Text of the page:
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JAIC is Using Data to Predict Supply Chain Shortages Caused by COVID-19

The project exemplifies the direction the center is taking to make AI operational across the Defense Department.

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The Defense Department’s Joint Artificial Intelligence Center has a supply chain data integration project underway to predictively identify supply shortages and complications caused by COVID-19 and to better inform how the military can best respond to the pandemic.

The JAIC launched the project, called Project Salus, in March to help the Northern Command and National Guard find where critical supplies were limited by leveraging vendor data and government datasets and turning them into information that DOD could operationalize in responding to crises like the COVID-19 pandemic.

As the JAIC looks to operationalize that project toward fighting COVID-19, it’s undergoing its second series of sprints to transition Project Salus to the national response.

“Our latest efforts in the response to the COVID-19 situation has been Project Salus, where we developed a data aggregation platform in multiple predictive models primarily focused on providing intelligent humanitarian assistance decision support,” JAIC Chief AI Solution Architect and Acting Chief for Data Science and Engineering Nathaniel Bastian said of the project at an AFCEA and George Mason University online symposium last Wednesday.

Project Salus made significant progress over the past two months in redirecting its work toward COVID-19 support.

“We got something fielded, working some of the best companies in the United States with some of the best AI, machine-learning talent in the world that have been part of those companies, and we did it as an integrated product team,” JAIC Director Lt. Gen. Jack Shanahan said at an AFCEA event last Thursday.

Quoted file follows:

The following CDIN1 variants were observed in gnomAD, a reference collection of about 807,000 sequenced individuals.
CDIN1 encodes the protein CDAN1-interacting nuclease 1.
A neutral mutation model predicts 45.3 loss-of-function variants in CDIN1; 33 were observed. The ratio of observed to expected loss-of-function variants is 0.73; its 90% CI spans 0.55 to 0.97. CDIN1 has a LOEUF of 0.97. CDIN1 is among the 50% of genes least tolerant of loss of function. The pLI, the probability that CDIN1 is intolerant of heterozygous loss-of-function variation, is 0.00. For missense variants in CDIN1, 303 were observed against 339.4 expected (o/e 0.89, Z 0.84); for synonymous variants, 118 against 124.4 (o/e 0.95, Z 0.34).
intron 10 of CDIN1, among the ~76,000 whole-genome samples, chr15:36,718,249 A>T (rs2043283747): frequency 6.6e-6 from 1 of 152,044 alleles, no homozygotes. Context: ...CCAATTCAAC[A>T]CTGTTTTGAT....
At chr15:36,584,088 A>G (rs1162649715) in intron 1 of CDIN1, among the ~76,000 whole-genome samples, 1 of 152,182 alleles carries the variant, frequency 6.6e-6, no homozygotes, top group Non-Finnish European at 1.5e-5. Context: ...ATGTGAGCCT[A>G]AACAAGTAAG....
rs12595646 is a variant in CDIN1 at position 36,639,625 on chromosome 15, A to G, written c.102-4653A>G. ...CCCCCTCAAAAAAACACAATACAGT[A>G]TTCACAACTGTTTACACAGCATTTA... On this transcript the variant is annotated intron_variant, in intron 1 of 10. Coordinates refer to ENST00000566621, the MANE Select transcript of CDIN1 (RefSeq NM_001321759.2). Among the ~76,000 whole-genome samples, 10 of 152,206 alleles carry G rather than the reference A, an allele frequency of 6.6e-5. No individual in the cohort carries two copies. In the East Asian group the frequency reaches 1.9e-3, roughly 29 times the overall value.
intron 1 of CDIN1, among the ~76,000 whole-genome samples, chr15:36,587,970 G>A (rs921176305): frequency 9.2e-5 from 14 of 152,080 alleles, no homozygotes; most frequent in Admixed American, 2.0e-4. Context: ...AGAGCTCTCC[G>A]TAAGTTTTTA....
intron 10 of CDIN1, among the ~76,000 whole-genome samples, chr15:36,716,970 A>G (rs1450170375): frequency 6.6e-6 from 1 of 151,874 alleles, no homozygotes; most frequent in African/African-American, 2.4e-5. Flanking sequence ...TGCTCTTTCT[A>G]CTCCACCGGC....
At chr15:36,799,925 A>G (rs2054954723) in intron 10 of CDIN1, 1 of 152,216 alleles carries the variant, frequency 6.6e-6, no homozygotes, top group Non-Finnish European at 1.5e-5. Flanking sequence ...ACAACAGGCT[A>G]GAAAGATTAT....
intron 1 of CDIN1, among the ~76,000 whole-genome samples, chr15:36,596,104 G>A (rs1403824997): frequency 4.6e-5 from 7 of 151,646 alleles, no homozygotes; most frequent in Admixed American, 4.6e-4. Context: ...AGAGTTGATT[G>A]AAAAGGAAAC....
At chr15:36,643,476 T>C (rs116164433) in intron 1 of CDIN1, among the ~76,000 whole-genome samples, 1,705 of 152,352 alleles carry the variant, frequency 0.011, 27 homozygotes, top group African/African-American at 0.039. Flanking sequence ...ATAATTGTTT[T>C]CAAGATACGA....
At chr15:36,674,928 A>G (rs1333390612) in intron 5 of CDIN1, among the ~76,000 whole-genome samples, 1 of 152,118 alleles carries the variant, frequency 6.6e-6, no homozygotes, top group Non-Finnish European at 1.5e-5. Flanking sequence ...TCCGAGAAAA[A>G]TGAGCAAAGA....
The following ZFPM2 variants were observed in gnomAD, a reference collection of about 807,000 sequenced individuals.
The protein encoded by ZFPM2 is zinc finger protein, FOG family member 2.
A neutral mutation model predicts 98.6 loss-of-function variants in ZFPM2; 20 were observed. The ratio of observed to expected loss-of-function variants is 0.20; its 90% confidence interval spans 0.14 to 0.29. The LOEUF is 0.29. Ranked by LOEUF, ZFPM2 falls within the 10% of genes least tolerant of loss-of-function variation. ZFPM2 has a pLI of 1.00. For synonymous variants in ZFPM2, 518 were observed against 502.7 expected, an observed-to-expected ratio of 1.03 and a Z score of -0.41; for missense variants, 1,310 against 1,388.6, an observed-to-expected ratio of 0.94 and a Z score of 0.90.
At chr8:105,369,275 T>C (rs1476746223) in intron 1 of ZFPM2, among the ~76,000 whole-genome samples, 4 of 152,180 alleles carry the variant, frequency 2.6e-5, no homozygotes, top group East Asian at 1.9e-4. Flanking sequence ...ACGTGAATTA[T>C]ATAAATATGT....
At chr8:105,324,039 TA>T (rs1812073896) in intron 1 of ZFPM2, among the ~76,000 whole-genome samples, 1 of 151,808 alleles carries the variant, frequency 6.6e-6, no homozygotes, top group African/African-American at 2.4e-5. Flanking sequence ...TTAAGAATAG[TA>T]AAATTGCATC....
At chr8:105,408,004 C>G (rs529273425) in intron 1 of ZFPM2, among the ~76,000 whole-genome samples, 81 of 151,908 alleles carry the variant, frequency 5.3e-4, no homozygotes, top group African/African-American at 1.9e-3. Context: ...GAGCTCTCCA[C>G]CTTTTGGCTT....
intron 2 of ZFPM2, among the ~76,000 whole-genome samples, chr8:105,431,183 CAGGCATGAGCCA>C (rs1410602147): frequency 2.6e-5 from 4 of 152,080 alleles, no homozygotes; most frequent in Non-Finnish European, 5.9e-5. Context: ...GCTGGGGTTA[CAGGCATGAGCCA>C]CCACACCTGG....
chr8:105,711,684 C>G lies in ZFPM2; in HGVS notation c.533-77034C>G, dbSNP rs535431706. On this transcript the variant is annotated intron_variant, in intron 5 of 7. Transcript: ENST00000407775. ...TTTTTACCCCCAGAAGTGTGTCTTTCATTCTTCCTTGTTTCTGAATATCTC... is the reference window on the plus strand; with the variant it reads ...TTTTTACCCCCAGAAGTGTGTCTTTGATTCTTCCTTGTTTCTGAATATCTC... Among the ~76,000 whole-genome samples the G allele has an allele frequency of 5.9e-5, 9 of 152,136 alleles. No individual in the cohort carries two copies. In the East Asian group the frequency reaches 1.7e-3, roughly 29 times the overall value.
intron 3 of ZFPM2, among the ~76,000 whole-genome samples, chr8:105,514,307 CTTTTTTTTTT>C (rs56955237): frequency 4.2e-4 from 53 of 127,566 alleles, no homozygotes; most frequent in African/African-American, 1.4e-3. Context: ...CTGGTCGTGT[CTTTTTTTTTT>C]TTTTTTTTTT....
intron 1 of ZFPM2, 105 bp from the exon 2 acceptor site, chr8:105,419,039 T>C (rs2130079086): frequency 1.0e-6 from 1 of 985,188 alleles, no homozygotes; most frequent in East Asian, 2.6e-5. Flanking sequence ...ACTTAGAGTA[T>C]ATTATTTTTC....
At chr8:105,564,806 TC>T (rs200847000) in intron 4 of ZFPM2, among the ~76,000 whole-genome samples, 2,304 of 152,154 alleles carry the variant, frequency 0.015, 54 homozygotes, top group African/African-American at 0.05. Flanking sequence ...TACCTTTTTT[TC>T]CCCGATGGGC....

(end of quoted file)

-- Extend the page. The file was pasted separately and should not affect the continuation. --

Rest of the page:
Bastian explained that key members of the integrated product team consists of a mission, project and product managers, a data science and AI engineer, infrastructure engineer, cloud architect, test and evaluation engineer and a policy and acquisition subject matter expert.

The team has been able to so far offer initial AI and machine-learning prototypes to responders to provide feedback, and the project is also undergoing review to ensure it complies with DOD policy.

Project Salus also exemplifies the longer-term strategy that the JAIC has taken in moving DOD AI principles and expertise to the frontlines of DOD’s mission and in making JAIC the DOD’s AI center of excellence, Bastian added.

“We are striving to be this … center of excellence that’s connecting mission system users, our warfighters, with our customers, which are our program offices, to build AI-enabled capabilities that are human-centered and that can be trusted and used and adopted,” Bastian said.

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